Daily digest

Power in the South, oil operations in the Gulf being restored after Nate

HURRICANE NATE: Oil companies are working to restore operations after Hurricane Nate made landfall in the South over the weekend, though no damage had been reported, suggesting a quick rebound for crude and natural gas supplies. (Bloomberg)

• Estimated power outages in Mississippi, Alabama, Florida and Georgia totaled about 60,000 homes and businesses by Sunday evening. (weather.com)
• Alabama Power Co. is bringing in 1,000 outside workers to help restore power following Hurricane Nate. (AL.com)

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HYDROELECTRIC: FERC issued licenses for two hydroelectric power projects despite concerns raised by the West Virginia Department of Environmental Protection, which plans to challenge the decision. (Dominion Post)

FRACKING: North Carolina lawmakers are moving to shut out conservationists from guaranteed spots on a state fracking oversight panel and appoint members of the fracking industry to those seats. (Associated Press)

OIL: An oil company has asked Florida environmental regulators to allow its crews to resume searching for oil beneath the Big Cypress National Preserve after its permit to do so expired last summer. (Naples Daily News)

UTILITIES: South Carolina Gov. Henry McMaster is urging state lawmakers to support his plans to sell state-owned utility Santee Cooper, which amassed billions of dollars of debt in the now-failed Summer nuclear plant. (Post and Courier)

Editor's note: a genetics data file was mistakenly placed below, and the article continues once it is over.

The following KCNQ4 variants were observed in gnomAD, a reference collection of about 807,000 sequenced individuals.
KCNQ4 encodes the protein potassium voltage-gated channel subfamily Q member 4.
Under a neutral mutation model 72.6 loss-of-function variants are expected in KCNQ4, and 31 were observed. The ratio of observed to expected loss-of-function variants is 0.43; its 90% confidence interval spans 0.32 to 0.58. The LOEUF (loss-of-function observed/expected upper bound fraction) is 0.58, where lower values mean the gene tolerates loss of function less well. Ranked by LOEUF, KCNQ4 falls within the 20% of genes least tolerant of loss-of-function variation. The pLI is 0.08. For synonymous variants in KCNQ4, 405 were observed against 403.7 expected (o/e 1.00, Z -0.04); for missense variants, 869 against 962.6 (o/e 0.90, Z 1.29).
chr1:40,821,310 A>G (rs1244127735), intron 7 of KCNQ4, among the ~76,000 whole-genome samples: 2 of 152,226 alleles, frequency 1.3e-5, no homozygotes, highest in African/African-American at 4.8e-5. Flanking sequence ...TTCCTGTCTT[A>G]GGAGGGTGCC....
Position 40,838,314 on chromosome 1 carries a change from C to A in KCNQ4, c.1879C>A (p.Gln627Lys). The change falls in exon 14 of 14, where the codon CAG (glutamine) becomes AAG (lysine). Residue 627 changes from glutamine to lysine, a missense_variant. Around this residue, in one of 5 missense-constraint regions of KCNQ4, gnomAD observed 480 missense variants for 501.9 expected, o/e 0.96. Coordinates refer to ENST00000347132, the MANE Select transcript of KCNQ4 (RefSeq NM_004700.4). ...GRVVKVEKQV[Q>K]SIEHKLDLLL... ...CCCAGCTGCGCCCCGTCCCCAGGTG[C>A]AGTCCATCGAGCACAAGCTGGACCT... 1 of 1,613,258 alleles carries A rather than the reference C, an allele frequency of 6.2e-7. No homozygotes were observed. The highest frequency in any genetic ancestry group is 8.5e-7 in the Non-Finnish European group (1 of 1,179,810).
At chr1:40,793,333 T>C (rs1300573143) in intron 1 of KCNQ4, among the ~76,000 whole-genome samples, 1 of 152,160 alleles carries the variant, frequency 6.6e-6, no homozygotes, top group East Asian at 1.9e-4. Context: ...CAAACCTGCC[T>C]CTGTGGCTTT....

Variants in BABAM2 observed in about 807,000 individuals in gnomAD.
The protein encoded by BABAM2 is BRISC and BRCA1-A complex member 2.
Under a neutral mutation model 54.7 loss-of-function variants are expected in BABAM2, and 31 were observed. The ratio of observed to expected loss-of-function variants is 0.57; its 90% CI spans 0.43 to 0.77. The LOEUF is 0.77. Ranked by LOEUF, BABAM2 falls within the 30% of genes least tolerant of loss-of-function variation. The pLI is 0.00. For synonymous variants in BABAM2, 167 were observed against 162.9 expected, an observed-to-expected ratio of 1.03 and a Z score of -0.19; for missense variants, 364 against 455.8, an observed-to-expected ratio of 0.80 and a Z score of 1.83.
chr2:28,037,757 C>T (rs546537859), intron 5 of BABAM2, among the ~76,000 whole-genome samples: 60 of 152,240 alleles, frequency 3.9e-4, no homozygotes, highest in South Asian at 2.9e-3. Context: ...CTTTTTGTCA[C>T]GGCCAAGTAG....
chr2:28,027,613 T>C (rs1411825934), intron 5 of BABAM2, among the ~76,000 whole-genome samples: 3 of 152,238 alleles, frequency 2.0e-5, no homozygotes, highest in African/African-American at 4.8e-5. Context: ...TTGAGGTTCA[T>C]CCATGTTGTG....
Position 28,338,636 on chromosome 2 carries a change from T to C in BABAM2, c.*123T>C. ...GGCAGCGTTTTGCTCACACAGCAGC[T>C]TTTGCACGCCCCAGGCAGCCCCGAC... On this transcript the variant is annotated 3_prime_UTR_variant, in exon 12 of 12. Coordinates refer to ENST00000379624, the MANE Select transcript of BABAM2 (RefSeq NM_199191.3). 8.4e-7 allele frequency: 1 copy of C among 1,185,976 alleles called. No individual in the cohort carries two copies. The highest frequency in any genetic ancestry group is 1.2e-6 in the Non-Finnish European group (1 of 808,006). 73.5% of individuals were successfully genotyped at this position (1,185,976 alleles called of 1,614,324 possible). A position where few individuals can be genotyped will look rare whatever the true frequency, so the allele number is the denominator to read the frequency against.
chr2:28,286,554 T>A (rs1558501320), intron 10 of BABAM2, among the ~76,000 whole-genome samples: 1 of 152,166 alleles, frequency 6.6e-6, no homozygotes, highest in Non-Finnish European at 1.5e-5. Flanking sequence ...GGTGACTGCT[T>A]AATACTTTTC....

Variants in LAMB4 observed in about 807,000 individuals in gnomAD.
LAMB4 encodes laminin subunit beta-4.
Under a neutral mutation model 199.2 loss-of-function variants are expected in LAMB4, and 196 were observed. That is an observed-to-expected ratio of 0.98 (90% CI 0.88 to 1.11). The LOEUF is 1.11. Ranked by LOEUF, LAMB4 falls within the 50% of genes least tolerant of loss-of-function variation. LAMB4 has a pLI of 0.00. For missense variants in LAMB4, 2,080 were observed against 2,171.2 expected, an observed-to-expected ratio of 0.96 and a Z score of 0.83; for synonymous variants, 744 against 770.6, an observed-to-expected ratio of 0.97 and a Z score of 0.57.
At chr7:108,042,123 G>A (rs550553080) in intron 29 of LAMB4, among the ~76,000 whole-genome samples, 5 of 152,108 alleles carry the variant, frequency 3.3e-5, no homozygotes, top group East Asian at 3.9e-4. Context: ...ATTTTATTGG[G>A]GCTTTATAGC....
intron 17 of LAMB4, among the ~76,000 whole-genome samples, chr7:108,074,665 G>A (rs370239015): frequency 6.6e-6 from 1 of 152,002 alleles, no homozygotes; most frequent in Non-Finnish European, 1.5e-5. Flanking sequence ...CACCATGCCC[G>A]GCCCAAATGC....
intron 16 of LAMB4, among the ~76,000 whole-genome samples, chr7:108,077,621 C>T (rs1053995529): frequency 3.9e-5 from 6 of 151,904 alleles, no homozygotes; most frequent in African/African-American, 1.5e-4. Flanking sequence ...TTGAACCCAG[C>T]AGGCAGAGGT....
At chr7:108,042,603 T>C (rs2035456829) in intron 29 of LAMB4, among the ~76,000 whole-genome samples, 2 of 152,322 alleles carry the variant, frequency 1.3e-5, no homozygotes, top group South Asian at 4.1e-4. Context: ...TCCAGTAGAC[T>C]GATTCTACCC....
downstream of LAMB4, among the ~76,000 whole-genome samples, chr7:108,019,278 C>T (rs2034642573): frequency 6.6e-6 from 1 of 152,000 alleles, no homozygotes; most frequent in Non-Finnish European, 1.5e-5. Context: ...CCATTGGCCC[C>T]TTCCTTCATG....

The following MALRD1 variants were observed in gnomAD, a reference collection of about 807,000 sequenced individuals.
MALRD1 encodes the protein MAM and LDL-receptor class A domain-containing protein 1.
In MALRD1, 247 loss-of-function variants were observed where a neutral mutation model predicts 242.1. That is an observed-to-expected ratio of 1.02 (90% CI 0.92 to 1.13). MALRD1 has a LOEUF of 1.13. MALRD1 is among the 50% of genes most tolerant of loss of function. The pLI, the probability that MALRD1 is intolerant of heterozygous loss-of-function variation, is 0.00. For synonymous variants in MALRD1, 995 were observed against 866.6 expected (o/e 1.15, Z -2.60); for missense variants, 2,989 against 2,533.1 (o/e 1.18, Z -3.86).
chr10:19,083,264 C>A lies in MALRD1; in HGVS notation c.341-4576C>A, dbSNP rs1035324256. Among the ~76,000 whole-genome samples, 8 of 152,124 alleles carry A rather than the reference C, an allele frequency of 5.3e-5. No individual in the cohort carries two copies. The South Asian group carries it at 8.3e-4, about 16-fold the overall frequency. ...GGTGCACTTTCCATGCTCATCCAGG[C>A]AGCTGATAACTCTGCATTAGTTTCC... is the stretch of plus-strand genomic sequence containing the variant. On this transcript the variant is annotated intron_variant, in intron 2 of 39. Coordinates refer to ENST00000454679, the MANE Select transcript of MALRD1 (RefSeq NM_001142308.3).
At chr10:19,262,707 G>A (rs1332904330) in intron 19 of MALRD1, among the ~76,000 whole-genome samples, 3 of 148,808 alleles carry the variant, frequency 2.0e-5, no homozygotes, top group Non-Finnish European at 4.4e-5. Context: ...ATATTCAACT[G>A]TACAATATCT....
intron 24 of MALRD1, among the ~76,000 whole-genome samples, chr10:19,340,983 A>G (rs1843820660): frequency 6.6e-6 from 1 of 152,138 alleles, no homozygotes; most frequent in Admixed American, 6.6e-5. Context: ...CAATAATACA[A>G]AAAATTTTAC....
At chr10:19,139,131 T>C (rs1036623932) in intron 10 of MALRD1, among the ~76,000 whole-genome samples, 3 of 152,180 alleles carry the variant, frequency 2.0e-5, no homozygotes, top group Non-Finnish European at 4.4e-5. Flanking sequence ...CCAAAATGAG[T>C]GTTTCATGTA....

• A Florida lawmaker filed legislation asking the state to come up with a plan to fund roads once two percent of all cars in Florida are electrified. (SaintPetersBlog)
• An automotive supplier plans to invest $1 billion in its Tennessee facility to meet the growing demand for electric vehicle parts. (Associated Press)

NUCLEAR: A look at SCANA CEO Kevin Marsh, who is at the center of South Carolina’s Summer nuclear project’s multi-billion-dollar failure. (Post and Courier)

PIPELINES: Opponents of the proposed Atlantic Coast Pipeline created a public mural in a Charlottesville, Virginia, that shows how the project could impact the environment. (CBS 19)

• A columnist says just like Big Tobacco has done, Big Oil should pay for damage it has caused communities, many of which must spend hundreds of billions to adapt to rising seas caused by global warming. (Times-Picayune)
• A West Virginia newspaper editor praises a Trump administration plan to support coal plants. (Exponent Telegram)
• The president of a Virginia trade union says the proposed Atlantic Coast Pipeline would be “an economic game-changer” for those involved in its construction. (Richmond Times-Dispatch)

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